Treatment for both non-small cell lung cancer (NSCLC) and small cell lung cancer (SCLC) may include the following:
Other treatments for NSCLC include:
Your doctor may check for tumor markers (biomarkers), such as EGFR, ALK, and KRAS, that are caused by gene changes (mutations) in cancer cells. This can help your doctor choose the treatment that will work best for you.
Other treatments for SCLC include:
Some treatments can cause side effects. Home treatment measures may help.
Your quality of life is critical when you are considering your treatment choices. Discuss your personal preferences with your oncologist when he or she recommends treatment.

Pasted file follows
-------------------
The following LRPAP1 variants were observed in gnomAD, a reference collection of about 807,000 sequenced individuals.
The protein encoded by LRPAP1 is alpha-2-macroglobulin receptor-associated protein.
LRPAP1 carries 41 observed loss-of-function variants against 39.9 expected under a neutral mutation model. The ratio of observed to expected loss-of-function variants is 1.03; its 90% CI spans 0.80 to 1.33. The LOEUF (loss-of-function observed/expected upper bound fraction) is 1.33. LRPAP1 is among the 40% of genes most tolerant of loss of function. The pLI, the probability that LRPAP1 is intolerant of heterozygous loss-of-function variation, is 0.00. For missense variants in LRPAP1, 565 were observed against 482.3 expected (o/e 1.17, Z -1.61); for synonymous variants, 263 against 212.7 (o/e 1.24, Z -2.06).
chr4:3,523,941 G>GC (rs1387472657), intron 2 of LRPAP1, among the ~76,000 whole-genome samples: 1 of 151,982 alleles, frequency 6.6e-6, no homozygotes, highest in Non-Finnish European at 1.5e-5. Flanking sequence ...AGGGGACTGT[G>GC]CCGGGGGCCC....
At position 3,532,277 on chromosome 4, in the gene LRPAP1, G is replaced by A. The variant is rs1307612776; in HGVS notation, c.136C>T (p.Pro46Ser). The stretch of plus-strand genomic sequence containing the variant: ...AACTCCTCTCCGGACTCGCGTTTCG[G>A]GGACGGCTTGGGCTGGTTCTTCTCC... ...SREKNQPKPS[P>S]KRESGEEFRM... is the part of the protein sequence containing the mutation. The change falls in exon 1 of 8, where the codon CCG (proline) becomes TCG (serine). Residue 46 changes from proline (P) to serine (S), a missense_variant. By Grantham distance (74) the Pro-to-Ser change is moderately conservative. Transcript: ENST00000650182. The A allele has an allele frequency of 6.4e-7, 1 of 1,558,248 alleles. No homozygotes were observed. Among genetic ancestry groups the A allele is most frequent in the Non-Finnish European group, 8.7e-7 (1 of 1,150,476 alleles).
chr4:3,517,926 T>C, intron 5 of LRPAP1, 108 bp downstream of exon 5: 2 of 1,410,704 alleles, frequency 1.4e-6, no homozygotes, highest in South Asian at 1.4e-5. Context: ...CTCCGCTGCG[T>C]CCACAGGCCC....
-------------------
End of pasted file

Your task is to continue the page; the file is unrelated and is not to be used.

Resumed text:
Additional information about lung cancer is provided by the National Cancer Institute at www.cancer.gov/cancertopics/types/lung.
If you have been recently diagnosed with lung cancer, you may feel denial, anger, and grief. Reactions vary from person to person. Talk to your doctor about steps you can take to help with your emotional reactions.
If you are having a hard time moving forward with your life, talk with your doctor. Your cancer treatment center may offer counseling services. You may also contact your local chapter of the American Cancer Society to help you find a support group.
Having cancer can change your life in many ways. For support in managing these changes, see the topic Getting Support When You Have Cancer.
After initial treatment for lung cancer, it is important to receive follow-up care.